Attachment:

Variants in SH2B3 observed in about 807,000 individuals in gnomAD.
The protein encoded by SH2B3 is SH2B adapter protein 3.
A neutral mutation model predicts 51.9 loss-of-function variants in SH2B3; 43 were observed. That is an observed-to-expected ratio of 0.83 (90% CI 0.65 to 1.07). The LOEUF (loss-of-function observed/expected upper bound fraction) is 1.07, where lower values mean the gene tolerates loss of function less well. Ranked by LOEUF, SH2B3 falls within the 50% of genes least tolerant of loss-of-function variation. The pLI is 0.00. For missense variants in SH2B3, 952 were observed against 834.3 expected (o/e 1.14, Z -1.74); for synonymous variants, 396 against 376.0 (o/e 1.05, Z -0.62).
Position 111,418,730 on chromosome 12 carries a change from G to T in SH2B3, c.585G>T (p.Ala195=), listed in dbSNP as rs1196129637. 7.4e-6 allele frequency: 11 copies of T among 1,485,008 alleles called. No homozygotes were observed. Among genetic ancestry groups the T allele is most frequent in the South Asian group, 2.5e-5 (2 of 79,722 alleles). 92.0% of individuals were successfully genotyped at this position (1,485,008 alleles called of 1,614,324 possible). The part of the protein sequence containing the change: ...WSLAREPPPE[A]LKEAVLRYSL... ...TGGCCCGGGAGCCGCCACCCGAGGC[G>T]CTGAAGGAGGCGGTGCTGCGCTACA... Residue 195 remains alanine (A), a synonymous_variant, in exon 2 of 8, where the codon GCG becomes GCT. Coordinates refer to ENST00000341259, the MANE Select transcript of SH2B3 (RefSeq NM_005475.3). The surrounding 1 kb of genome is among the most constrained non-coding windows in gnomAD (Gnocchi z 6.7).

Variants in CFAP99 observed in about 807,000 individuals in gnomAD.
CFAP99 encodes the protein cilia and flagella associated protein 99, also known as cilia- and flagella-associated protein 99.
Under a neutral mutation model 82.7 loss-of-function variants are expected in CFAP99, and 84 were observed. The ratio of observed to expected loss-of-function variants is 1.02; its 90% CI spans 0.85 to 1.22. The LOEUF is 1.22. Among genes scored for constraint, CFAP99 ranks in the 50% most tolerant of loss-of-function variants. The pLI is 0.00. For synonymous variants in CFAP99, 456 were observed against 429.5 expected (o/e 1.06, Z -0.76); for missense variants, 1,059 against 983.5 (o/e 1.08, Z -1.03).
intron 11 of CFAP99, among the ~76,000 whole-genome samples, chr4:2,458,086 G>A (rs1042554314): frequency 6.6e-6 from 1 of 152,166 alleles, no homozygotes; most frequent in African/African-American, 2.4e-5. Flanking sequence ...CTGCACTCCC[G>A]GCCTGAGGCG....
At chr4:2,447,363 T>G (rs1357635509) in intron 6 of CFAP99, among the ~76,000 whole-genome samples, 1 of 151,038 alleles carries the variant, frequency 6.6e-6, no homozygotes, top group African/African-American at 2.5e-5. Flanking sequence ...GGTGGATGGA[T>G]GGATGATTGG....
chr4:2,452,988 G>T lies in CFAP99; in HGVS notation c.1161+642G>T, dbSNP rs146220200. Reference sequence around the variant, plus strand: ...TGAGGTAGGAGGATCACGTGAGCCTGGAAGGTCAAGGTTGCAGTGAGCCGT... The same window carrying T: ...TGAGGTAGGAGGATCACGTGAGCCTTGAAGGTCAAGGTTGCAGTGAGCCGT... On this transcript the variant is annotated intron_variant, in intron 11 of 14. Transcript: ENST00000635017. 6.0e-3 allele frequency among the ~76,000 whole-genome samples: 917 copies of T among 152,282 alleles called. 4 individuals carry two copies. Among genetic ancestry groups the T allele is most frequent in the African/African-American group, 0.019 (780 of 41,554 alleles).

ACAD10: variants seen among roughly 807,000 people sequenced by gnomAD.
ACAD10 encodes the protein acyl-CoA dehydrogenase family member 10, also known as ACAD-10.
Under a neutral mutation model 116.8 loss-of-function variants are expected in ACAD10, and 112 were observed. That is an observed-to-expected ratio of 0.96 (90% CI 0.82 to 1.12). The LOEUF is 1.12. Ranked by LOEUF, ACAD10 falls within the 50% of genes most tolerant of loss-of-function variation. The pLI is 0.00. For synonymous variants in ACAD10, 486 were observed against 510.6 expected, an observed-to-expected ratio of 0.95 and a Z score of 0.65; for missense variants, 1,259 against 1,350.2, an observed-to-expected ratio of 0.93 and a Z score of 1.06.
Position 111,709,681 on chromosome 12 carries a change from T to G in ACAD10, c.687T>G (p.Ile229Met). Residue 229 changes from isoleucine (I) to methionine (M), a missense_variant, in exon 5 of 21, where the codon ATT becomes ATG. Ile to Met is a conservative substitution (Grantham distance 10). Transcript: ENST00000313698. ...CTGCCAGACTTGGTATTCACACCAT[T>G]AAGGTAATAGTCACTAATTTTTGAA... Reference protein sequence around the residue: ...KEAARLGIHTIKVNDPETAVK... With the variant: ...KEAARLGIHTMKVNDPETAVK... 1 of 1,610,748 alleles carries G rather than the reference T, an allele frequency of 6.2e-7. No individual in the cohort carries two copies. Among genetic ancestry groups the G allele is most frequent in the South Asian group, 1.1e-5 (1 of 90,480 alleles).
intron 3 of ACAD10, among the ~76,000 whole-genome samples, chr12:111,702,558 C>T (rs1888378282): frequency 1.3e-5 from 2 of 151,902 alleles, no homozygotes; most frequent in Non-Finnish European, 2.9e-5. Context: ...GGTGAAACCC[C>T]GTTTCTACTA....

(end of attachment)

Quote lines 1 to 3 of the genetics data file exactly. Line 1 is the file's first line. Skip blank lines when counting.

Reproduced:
Variants in SH2B3 observed in about 807,000 individuals in gnomAD.
The protein encoded by SH2B3 is SH2B adapter protein 3.
A neutral mutation model predicts 51.9 loss-of-function variants in SH2B3; 43 were observed. That is an observed-to-expected ratio of 0.83 (90% CI 0.65 to 1.07). The LOEUF (loss-of-function observed/expected upper bound fraction) is 1.07, where lower values mean the gene tolerates loss of function less well. Ranked by LOEUF, SH2B3 falls within the 50% of genes least tolerant of loss-of-function variation. The pLI is 0.00. For missense variants in SH2B3, 952 were observed against 834.3 expected (o/e 1.14, Z -1.74); for synonymous variants, 396 against 376.0 (o/e 1.05, Z -0.62).